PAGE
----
|2||Orlando Magic||0||2||.000||2009||None||They lost both of their Finals appearances, winning just one game between the two series.|
|2||Phoenix Suns||0||2||.000||1993||None||Lost in the 1976 and 1993 Finals to the Celtics and Bulls, respectively. Best historical won-loss record among all franchises to have never won a title.|
|2||New Orleans/Utah Jazz||0||2||.000||1998||None||Both appearances were with coach Jerry Sloan and players Karl Malone and John Stockton, and losses to the Bulls.|
|1||Rochester/Cincinnati Royals/Kansas City-Omaha Kings/Kansas City Kings/Sacramento Kings||1||0||1.000||1951||1951||Only appearance in NBA Finals and was won as the Rochester Royals.|
|1||Toronto Raptors||1||0||1.000||2019||2019||Only appearance in NBA Finals. The first and only team based outside the United States to win an NBA title.|
|1||Indiana Pacers||0||1||.000||2000||None||Only appearance was in 2000 and led by Reggie Miller and coach Larry Bird, losing to the Lakers.|
|1||Baltimore Bullets||1||0||1.000||1948||1948||Team folded in 1954 and is the only championship-winning team to fold.|
|1||Chicago Stags||0||1||.000||1947||None||Team folded in 1950.|
|1||Washington Capitols||0||1||.000||1949||None||Team folded in 1951.|
Active franchises with no Finals appearancesEdit
|Team||No. of seasons||Founded||Other achievements|
|Buffalo Braves/San Diego/Los Angeles Clippers||49||1970||Reached three conference semifinals as the Braves, and four as the Clippers. First appeared was in the 2005–06 season and lost to the Phoenix Suns, before returning in the 2011–12 season, losing to the San Antonio Spurs. Their other appearances came in the 2013–14 season when they lost to the Oklahoma City Thunder, and in the 2014–15 season when they lost to the Houston Rockets.|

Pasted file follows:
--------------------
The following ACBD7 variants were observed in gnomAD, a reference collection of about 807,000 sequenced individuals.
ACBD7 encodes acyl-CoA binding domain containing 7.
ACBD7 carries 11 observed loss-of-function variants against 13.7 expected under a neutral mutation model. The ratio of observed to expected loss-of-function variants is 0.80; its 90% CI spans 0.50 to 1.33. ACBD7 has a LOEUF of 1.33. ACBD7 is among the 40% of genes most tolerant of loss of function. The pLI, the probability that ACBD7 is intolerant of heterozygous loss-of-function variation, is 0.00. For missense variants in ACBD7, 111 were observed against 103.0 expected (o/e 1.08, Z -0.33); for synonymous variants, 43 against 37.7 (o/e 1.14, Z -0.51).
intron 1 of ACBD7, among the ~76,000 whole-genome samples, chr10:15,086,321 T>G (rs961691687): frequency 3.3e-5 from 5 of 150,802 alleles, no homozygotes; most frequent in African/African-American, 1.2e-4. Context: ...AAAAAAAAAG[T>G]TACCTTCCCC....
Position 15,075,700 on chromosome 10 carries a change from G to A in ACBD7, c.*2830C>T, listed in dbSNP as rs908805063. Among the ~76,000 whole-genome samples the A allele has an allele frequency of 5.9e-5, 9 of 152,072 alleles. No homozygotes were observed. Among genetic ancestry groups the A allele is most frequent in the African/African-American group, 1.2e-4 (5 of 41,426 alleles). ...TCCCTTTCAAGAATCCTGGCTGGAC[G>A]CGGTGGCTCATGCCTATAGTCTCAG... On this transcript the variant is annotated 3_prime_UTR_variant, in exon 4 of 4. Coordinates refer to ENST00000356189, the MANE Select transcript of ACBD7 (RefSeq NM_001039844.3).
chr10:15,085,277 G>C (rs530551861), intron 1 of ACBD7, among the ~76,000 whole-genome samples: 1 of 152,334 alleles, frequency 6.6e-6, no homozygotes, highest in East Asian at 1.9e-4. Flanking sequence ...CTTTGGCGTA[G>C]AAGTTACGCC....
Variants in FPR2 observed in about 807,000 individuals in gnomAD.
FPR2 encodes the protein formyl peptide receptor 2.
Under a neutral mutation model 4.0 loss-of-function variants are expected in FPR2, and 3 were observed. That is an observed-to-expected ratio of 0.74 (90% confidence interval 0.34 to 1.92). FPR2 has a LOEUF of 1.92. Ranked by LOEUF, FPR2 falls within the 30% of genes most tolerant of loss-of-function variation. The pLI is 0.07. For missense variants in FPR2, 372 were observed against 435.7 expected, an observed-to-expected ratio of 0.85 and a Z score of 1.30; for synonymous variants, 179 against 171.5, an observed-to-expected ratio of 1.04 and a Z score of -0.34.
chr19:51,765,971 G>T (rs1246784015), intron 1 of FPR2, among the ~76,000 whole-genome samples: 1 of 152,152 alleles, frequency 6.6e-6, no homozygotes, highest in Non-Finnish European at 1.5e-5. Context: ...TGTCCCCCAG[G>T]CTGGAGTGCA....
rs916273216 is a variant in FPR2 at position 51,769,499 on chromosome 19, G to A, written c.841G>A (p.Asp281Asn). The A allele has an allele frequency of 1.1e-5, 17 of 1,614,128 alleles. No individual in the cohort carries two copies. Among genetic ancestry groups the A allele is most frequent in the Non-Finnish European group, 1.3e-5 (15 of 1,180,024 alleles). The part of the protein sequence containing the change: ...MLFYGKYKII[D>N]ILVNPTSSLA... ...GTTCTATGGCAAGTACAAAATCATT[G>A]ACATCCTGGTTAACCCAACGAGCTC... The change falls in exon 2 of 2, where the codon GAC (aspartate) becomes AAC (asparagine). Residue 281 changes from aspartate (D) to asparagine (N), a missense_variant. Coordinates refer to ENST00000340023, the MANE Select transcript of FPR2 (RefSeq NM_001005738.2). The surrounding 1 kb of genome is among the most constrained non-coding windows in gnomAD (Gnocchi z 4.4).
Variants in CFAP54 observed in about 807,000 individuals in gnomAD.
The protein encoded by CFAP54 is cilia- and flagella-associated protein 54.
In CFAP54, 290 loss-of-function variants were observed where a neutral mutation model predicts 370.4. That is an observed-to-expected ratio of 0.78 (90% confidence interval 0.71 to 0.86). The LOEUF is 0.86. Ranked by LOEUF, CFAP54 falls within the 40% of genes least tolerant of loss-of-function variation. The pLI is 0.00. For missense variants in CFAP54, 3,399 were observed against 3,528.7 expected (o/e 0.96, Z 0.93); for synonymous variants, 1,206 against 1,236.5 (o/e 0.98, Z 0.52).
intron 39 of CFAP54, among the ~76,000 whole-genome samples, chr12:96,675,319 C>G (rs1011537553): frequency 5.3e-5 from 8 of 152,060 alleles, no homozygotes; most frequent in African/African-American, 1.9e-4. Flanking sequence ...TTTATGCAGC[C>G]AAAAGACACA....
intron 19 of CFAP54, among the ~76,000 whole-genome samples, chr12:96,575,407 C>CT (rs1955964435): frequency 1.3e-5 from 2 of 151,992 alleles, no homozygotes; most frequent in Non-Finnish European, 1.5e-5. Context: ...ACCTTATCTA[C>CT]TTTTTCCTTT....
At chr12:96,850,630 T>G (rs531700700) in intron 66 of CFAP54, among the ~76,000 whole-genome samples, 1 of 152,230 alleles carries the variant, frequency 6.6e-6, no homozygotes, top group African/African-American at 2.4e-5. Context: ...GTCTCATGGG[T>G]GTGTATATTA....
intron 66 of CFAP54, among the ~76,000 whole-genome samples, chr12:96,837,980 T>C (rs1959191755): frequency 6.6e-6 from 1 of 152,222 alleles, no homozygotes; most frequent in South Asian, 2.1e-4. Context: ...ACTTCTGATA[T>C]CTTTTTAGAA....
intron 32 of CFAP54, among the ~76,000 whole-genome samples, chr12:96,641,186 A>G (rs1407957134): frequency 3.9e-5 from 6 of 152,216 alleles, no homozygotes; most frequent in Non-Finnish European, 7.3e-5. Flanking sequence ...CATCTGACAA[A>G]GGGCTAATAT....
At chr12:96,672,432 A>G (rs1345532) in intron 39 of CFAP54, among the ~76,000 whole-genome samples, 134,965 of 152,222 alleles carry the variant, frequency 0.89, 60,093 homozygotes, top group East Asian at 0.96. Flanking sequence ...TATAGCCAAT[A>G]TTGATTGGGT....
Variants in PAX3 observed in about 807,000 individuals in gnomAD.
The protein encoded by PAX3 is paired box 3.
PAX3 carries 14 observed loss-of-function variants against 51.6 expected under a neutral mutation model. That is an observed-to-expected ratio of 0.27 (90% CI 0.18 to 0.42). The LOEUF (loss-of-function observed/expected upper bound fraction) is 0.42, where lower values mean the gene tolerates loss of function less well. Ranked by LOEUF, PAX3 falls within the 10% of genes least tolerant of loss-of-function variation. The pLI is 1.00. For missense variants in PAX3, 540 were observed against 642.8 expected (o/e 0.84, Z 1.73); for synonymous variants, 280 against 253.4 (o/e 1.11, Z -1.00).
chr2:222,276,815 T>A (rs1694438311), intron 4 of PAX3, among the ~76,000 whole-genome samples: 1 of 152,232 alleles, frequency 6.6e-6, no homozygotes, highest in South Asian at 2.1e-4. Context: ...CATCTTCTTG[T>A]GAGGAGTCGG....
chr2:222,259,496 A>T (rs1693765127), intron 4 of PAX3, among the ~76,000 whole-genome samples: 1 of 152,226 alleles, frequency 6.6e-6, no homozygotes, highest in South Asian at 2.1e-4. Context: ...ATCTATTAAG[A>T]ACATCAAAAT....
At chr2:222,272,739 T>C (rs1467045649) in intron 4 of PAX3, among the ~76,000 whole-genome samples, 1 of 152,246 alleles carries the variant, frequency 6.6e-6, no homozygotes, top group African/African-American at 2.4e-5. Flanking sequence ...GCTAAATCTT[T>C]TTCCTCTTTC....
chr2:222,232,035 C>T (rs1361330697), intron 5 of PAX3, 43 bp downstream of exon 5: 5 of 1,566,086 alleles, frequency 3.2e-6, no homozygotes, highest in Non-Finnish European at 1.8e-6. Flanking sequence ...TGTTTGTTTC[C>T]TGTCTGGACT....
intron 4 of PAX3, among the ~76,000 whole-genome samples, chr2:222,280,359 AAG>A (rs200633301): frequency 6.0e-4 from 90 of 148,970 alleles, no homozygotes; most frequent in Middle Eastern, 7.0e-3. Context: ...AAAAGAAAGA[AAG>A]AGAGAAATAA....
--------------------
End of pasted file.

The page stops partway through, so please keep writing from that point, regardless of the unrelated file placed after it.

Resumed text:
|Denver Nuggets||43||1976||Joined NBA in 1976 after nine years in the American Basketball Association (ABA). They have played in the 1976 ABA championship, but lost to the New York Nets, as well as participating in the 1978 conference finals, before ultimately losing to the Seattle SuperSonics. They also featured in the 1985 and 2009 conference finals, but lost both times to the Los Angeles Lakers.|
|Minnesota Timberwolves||29||1989||Reached the Western Conference finals in the 2003–04 season, but lost to the Lakers.|
|Charlotte Bobcats/Hornets*||30||1988||Reached the conference semifinals four times, first in the 1992–93 season when they lost to the New York Knicks, second in the 1997–98 season, losing to the Chicago Bulls, third in the 2000–01 season when they lost to the Milwaukee Bucks, and fourth in the 2001–02 season, losing to the New Jersey Nets.|
|Vancouver/Memphis Grizzlies||23||1995||Reached the Western Conference finals in the 2012–13 season, but lost to the San Antonio Spurs.|
|New Orleans/Oklahoma City Hornets/Pelicans*||17||2002||Reached the conference semifinals twice, first in the 2007–08 season when they lost to the San Antonio Spurs, second in the 2017–18 season when they lost to the Golden State Warriors.|